In a recent report, the United Nations Conference on Trade and Development (UNCTAD) underscored the pivotal role of maritime transport in the global economy. However, with 80 percent of the world’s goods being transported by sea, the industry is contributing to three percent of total global emissions. These global annual emissions are equivalent to the emissions of more than 280 thermal power plants.
Aligned with the global movement towards environmental sustainability, Vietnam’s shipping industry is proactively adapting to reduce its carbon footprint in accordance with international trends.
In response to this situation, the Vietnam Maritime Administration convened a conference at the end of October to disseminate Circulars and Resolutions of the International Maritime Organization (IMO), with a focus on reducing greenhouse gas emissions.
La Quang Tri (center), chairman, ShipOffer. Photo credit: La Quang Tri.
During the conference, Chairman La Quang Tri of ShipOffer said there are unique emission challenges faced by Vietnam’s shipping industry, primarily characterized by a bulk fleet engaged in transporting general cargo and chemicals on short routes, and a relatively small container fleet (less than 50 ships).
Tran Thi Tuyet Mai Anh, head of International Cooperation Department, Vietnam Maritime Administration, affirmed that the country has been implementing IMO regulations aimed at curbing greenhouse gas emissions from ships.
The 2023 IMO Strategy sets a target to reduce total annual greenhouse gas emissions by at least 20 percent by 2030, and to achieve 80 percent reduction by 2040 compared to 2008 levels, with the ultimate aim of net zero by 2050. Compliance with the IMO strategy is compulsory for all ships belonging to the MARPOL Convention member countries, Vietnam included.
The Vietnam Maritime Administration has outlined a comprehensive green energy conversion roadmap. A spokesperson said all stakeholders, including port operators, ship owners, and shipping companies, has a responsibility for a green port and the conversion of energy usage on ships.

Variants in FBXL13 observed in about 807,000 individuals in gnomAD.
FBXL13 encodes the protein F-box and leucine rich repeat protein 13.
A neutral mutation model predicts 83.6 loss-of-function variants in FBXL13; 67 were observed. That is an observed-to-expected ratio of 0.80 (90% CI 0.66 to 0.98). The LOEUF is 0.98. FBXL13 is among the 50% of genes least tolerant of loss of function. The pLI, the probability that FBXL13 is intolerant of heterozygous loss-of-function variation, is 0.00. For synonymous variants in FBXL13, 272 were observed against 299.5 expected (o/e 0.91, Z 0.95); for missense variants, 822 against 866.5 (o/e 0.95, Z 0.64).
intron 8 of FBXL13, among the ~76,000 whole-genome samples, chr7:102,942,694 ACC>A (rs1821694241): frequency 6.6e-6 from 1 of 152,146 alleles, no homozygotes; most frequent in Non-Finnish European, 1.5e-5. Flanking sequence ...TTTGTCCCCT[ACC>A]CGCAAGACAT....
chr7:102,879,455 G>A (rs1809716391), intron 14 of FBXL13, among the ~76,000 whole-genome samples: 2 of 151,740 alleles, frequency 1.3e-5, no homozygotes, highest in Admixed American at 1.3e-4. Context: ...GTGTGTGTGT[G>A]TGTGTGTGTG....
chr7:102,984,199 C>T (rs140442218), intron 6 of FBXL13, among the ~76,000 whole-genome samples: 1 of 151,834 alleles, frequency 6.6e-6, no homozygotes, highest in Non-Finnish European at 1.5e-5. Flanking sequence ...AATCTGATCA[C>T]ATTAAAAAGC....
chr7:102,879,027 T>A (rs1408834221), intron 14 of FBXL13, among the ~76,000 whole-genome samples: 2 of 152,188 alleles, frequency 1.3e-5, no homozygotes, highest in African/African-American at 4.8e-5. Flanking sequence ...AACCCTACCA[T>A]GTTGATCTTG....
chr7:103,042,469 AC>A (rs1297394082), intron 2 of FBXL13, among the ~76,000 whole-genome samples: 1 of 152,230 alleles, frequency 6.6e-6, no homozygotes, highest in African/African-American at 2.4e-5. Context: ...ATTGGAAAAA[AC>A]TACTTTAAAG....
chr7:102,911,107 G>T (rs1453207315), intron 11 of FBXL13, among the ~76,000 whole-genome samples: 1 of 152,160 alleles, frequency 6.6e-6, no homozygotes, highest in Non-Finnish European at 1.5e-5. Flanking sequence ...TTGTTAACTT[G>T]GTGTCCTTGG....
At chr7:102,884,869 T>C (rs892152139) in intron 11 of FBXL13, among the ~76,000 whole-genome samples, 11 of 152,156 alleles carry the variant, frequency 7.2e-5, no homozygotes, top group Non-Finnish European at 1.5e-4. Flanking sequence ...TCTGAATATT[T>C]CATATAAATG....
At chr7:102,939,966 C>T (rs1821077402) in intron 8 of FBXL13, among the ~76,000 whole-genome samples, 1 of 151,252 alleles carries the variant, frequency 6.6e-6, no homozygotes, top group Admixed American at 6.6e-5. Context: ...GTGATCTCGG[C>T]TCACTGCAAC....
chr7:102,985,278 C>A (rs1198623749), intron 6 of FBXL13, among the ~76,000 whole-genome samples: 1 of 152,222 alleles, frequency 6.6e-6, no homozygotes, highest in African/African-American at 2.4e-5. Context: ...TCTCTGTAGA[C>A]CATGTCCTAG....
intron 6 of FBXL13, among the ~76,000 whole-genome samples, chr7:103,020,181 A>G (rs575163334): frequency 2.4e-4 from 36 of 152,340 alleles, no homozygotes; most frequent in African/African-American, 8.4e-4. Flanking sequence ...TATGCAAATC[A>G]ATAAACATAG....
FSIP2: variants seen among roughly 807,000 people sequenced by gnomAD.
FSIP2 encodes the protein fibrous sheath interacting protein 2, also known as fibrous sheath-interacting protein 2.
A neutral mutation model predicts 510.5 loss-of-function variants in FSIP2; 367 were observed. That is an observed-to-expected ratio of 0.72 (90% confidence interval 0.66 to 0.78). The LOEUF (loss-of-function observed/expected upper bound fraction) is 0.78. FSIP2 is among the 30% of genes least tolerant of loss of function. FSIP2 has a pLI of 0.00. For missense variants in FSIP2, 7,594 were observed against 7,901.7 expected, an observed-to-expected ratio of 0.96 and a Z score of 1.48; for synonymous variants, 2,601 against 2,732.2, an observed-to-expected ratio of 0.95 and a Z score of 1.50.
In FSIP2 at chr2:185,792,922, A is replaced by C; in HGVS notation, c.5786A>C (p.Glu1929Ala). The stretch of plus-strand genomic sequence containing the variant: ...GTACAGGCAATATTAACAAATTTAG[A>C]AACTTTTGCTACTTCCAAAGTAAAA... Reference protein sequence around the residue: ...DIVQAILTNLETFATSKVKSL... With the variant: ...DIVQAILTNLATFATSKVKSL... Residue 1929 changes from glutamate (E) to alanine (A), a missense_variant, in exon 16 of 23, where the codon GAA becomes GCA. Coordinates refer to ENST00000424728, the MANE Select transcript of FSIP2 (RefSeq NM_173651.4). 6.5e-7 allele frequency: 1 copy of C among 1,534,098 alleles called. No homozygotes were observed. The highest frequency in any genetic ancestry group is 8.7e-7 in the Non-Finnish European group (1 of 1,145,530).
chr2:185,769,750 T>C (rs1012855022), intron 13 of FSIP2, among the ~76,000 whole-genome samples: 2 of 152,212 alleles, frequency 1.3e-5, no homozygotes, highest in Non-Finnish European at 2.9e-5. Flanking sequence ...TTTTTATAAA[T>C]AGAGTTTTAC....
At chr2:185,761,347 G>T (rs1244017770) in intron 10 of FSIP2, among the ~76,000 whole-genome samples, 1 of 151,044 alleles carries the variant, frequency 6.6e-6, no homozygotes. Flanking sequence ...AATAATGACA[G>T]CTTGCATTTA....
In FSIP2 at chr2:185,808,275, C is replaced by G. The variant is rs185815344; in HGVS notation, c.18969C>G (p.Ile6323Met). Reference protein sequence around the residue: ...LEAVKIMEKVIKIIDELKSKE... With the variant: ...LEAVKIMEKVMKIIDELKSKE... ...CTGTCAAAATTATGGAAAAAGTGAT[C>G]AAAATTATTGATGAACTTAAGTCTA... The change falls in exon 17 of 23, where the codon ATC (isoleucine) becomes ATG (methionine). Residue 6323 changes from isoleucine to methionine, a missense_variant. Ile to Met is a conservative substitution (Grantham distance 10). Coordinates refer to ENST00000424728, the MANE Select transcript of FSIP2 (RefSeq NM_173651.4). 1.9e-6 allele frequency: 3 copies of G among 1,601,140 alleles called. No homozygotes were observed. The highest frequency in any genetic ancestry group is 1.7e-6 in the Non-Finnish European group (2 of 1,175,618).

A representative from the Vietnam Maritime Corporation said that as of January 1, 2020, their vessels have transitioned to using fuel with a sulfur content not exceeding 0.5 percent, in contrast to the previous sulfur content of 3.5 percent.
Additionally, the company is also looking into using exhaust gas treatment systems, known as SOx (sulphur oxides) scrubbers, which clean the exhaust gas to reduce SOx emissions to a level that is equivalent to the required fuel sulphur content. This option offers the flexibility to either solely operate on low-sulphur fuels or to install an exhaust gas treatment system but use higher sulphur fuels.
La Quang Tri from ShipOffer said moving forward, his company will lease ships using sustainable fuels to replace the current fleet when their leases expired. He also said other green options include optimizing supply chains so that the most efficient routes are used to cut down on shipping days and using environmentally-friendly packaging.
Tri added: “Another important factor is that all company employees must have environmental awareness and incorporate this mindset into their day-to-day work to minimize adverse impacts on the environment.”
Unilaterally, individual efforts are limited and therefore, Tri urged all stakeholders to unite to reduce emissions because with collective strength, he believed the Vietnamese shipping industry will achieve the IMO’s aim of net zero by 2050.
Top photo credit: iStock/Kosal Hor